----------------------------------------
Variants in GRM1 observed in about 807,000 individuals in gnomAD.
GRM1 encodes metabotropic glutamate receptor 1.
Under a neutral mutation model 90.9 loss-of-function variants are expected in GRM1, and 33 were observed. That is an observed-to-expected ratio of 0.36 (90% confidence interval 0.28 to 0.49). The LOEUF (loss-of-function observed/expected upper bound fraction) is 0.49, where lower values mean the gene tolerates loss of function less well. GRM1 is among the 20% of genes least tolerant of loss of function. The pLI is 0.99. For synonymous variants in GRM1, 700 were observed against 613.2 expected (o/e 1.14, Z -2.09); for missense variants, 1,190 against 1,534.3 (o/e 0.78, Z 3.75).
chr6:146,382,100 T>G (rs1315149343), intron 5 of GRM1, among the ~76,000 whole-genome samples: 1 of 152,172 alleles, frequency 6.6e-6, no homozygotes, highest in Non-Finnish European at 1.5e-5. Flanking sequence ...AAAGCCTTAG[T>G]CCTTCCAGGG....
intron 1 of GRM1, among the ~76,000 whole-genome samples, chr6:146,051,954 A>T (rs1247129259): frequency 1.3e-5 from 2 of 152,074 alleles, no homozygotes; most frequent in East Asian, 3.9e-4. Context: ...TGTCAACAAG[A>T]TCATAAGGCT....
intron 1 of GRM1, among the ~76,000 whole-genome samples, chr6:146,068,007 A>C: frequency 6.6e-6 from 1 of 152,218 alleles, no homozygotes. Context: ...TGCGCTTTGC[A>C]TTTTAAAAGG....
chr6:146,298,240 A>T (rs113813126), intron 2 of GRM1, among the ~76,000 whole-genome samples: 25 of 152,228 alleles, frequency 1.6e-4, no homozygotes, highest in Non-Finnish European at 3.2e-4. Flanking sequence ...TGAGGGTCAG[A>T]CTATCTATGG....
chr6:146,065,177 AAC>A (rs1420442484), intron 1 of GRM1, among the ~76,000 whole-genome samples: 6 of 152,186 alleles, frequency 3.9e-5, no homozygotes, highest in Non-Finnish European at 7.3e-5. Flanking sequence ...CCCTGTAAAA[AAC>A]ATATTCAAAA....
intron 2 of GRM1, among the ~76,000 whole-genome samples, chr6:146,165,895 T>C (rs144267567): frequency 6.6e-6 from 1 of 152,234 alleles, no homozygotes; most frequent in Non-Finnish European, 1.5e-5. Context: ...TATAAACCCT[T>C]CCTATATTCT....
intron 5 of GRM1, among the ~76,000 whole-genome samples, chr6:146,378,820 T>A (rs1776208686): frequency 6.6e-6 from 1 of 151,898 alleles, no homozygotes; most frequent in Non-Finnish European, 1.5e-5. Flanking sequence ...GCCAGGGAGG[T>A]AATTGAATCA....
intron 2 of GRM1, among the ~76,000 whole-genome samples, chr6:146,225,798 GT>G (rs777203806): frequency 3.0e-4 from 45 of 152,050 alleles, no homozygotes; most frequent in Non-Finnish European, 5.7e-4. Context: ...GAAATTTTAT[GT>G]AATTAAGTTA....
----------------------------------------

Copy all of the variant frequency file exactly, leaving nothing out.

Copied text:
Variants in GRM1 observed in about 807,000 individuals in gnomAD.
GRM1 encodes metabotropic glutamate receptor 1.
Under a neutral mutation model 90.9 loss-of-function variants are expected in GRM1, and 33 were observed. That is an observed-to-expected ratio of 0.36 (90% confidence interval 0.28 to 0.49). The LOEUF (loss-of-function observed/expected upper bound fraction) is 0.49, where lower values mean the gene tolerates loss of function less well. GRM1 is among the 20% of genes least tolerant of loss of function. The pLI is 0.99. For synonymous variants in GRM1, 700 were observed against 613.2 expected (o/e 1.14, Z -2.09); for missense variants, 1,190 against 1,534.3 (o/e 0.78, Z 3.75).
chr6:146,382,100 T>G (rs1315149343), intron 5 of GRM1, among the ~76,000 whole-genome samples: 1 of 152,172 alleles, frequency 6.6e-6, no homozygotes, highest in Non-Finnish European at 1.5e-5. Flanking sequence ...AAAGCCTTAG[T>G]CCTTCCAGGG....
intron 1 of GRM1, among the ~76,000 whole-genome samples, chr6:146,051,954 A>T (rs1247129259): frequency 1.3e-5 from 2 of 152,074 alleles, no homozygotes; most frequent in East Asian, 3.9e-4. Context: ...TGTCAACAAG[A>T]TCATAAGGCT....
intron 1 of GRM1, among the ~76,000 whole-genome samples, chr6:146,068,007 A>C: frequency 6.6e-6 from 1 of 152,218 alleles, no homozygotes. Context: ...TGCGCTTTGC[A>C]TTTTAAAAGG....
chr6:146,298,240 A>T (rs113813126), intron 2 of GRM1, among the ~76,000 whole-genome samples: 25 of 152,228 alleles, frequency 1.6e-4, no homozygotes, highest in Non-Finnish European at 3.2e-4. Flanking sequence ...TGAGGGTCAG[A>T]CTATCTATGG....
chr6:146,065,177 AAC>A (rs1420442484), intron 1 of GRM1, among the ~76,000 whole-genome samples: 6 of 152,186 alleles, frequency 3.9e-5, no homozygotes, highest in Non-Finnish European at 7.3e-5. Flanking sequence ...CCCTGTAAAA[AAC>A]ATATTCAAAA....
intron 2 of GRM1, among the ~76,000 whole-genome samples, chr6:146,165,895 T>C (rs144267567): frequency 6.6e-6 from 1 of 152,234 alleles, no homozygotes; most frequent in Non-Finnish European, 1.5e-5. Context: ...TATAAACCCT[T>C]CCTATATTCT....
intron 5 of GRM1, among the ~76,000 whole-genome samples, chr6:146,378,820 T>A (rs1776208686): frequency 6.6e-6 from 1 of 151,898 alleles, no homozygotes; most frequent in Non-Finnish European, 1.5e-5. Flanking sequence ...GCCAGGGAGG[T>A]AATTGAATCA....
intron 2 of GRM1, among the ~76,000 whole-genome samples, chr6:146,225,798 GT>G (rs777203806): frequency 3.0e-4 from 45 of 152,050 alleles, no homozygotes; most frequent in Non-Finnish European, 5.7e-4. Context: ...GAAATTTTAT[GT>G]AATTAAGTTA....